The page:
Two privacy-focused email providers have launched the Dark Mail Alliance, a project to engineer an email system with robust defenses against spying.
Silent Circle and Lavabit abruptly halted their encrypted email services in August, saying they could no longer guarantee email would remain private after court actions against Lavabit, reportedly an email provider for NSA leaker Edward Snowden.
Their idea, presented at the Inbox Love email conference in Mountain View on Wednesday, is for an open system that could be widely implemented and which offers much stronger security and privacy. As envisioned, Dark Mail would shield both the content of an email and its "metadata," including "to" and "from" data, IP addresses and headers. The email providers hope a version will be ready by next year.
"The issue we are trying to deal with is that email was created 40 years ago," Jon Callas, CTO and founder of Silent Circle, in a phone interview. "It wasn't created to handle any of the security problems we have today."
Silent Circle, Lavabit and at least one VPN provider, CryptoSeal, shut down their services fearing a court order forcing the turnover of a private SSL (Secure Sockets Layer) key, which could be used to decrypt communications.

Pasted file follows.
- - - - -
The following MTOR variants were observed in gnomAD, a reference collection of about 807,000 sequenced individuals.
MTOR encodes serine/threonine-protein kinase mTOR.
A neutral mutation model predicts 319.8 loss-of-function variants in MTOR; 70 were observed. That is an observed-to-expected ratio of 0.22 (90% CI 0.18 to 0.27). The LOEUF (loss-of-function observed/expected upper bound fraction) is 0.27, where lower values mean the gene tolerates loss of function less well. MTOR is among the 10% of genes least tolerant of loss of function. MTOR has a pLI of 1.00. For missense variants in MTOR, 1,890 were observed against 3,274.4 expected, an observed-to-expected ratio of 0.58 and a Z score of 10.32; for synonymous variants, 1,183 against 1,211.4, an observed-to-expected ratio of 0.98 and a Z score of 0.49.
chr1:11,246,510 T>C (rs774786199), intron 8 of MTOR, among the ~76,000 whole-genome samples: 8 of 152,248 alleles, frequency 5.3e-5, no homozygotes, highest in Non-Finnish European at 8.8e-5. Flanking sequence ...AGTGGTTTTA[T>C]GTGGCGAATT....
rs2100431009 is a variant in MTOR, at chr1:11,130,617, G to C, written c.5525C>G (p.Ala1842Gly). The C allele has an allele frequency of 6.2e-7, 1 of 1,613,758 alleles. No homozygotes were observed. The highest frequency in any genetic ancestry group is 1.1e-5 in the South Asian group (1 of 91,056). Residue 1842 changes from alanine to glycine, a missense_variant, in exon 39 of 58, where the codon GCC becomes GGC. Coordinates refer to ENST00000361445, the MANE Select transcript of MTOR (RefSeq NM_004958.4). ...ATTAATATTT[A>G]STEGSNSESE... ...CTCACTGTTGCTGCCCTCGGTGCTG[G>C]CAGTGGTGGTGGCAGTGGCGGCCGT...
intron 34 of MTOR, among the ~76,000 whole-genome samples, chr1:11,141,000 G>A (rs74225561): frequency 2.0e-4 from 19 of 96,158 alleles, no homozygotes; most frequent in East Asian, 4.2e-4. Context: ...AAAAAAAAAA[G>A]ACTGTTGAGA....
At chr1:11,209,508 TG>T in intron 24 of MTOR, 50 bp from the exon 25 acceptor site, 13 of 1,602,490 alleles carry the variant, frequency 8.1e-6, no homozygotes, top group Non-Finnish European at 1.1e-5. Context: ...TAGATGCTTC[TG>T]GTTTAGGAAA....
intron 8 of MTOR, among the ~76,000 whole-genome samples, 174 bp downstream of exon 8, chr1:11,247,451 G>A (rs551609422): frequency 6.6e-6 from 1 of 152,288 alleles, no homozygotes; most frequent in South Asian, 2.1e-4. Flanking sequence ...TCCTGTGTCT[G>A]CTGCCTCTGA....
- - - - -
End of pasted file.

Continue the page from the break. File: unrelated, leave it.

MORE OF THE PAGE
Lavabit was held in contempt of court for resisting an order to turn over its SSL key, which in theory allowed the government to decrypt not only Snowden's communications but also those of its 400,000 users. Ladar Levison, Lavabit's founder, is appealing.
Callas said Dark Mail is a collaboration with Levison. Rather than create a closed email service, they decided to design Dark Mail with open-source software components that could be used by any email provider.
"We need 1,000 Lavabits all around the world," he said.
Representatives of Google, Microsoft and Yahoo who attended Inbox Love did not have an immediate comment on Dark Mail.
Dark Mail will be crafted around XMPP, a web messaging protocol known by its nickname Jabber, along with another encryption protocol created by Silent Circle called SCIMP (Silent Circle Instant Message Protocol), Callas said.
An adapter will be built that will enable Dark Mail within different email clients. "There's no reason why you couldn't modify Outlook and Exchange to do this," he said.
The private key used to encrypt email will be held on users' systems and not retained by a service provider. Even if the government forced a SSL key to be turned over, users would not be compromised "because all of the messages are encrypted to keys that are sitting in the hands of the recipient," Callas said.
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